Airdog’s new ADII is the new drone for action sports athletes
Airdog captured athletes’ imaginations with its initial Airdog drone that hit shelves in 2015. It marketed itself as a follow-me drone, able to track athletes whether they were surfing, skiing, biking, or even just walking — as long as they wore the tracking device.
Airdog today announced the drone’s successor, the ADII — yet another autonomous, follow-me drone. This time, it’s taking what the creator’s learned last time and making improvements — and at a lower price tag for consumers.
Most drones today depend on the user holding an RC transmitter and controlling its flights with the stick, but the ADII (and the original Airdog before it) is different. To fly the ADII drone, users wear a waterproof “AirLeash” tracking device that looks like a large watch. It has simple controls that allow the user to select various modes, including a “scenic mode”, which captures me in a selfie mode and then flies backwards, panning out to capture the broader landscape around me.
The ADII drone “follows you” based on a few different modes. There’s something called “adaptive follow mode,” which means that you can set the drone in front of you like a selfie, and if you turn, the drone will pull around to always remain positioned in front of you. There’s a circle mode so the drone will circle around you while following you for a more cinematic shot, and there’s a fixed follow mode which is like the traditional follow-me mode on most drones.
The ADII also comes with a new customizable flight path feature, which allows the drone to fly a pre-programmed flight path while still following you and keeping you framed in the shot. This feature could be used as a guaranteed obstacle avoidance, in situations where the user might traveling past trees or buildings and you want to ensure the drone doesn’t crash into it.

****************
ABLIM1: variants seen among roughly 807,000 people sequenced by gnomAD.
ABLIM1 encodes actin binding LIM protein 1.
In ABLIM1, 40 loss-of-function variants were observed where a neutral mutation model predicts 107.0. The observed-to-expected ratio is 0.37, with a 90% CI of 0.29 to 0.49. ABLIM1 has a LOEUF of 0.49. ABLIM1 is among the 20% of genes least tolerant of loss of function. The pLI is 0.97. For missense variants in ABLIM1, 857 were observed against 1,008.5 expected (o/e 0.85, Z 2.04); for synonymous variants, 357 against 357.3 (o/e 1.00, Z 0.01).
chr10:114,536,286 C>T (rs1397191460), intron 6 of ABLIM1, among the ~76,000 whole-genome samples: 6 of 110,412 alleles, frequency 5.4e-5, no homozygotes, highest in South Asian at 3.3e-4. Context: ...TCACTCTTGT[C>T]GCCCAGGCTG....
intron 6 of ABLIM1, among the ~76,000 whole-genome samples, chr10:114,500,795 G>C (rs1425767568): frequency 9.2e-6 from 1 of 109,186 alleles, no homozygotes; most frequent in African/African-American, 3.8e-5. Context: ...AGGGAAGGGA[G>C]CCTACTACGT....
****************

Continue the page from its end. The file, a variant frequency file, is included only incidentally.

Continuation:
Unlike the drones that need to keep eyes on the person in order to “follow them,” this drone follows the flight path it was assigned, and detects the speed at which to fly based on the AirLeash, allowing the user to bike through trees or skateboard under a bridge and the drone won’t lose sight of the person — and won’t crash either.
Like its predecessor, this drone also folds up so it can tuck into a backpack. The Airdog ADII markets itself as the first auto-flying drone camera technology that lets you go hands-free, meaning that other drone cameras are still manually piloted with “follow-me” added as a feature to assist the pilot with capturing motion shots.
Whether that’s a good or bad thing is up to you; this drone won’t be coming with an RC transmitter to allow ultra-precise flight navigating over forests and oceans.
The ADII depends on a GoPro camera, sold separately, meaning it could be a great product for someone who already has a GoPro — but could get costly for someone who would need to buy that too. GoPro’s Hero5 Black, which shoots 4K video and has an LCD so users can view their video on the camera, costs $399.
The ADII launches on Kickstarter July 11 and is expected to deliver to people who pre-order by August. The ADII will start on Kickstarter at $999, and the price will go up after the Kickstarter campaign is complete.
The ramifications of the use of Drones in the coaching of athletics is unlimited both on the field and for scouting.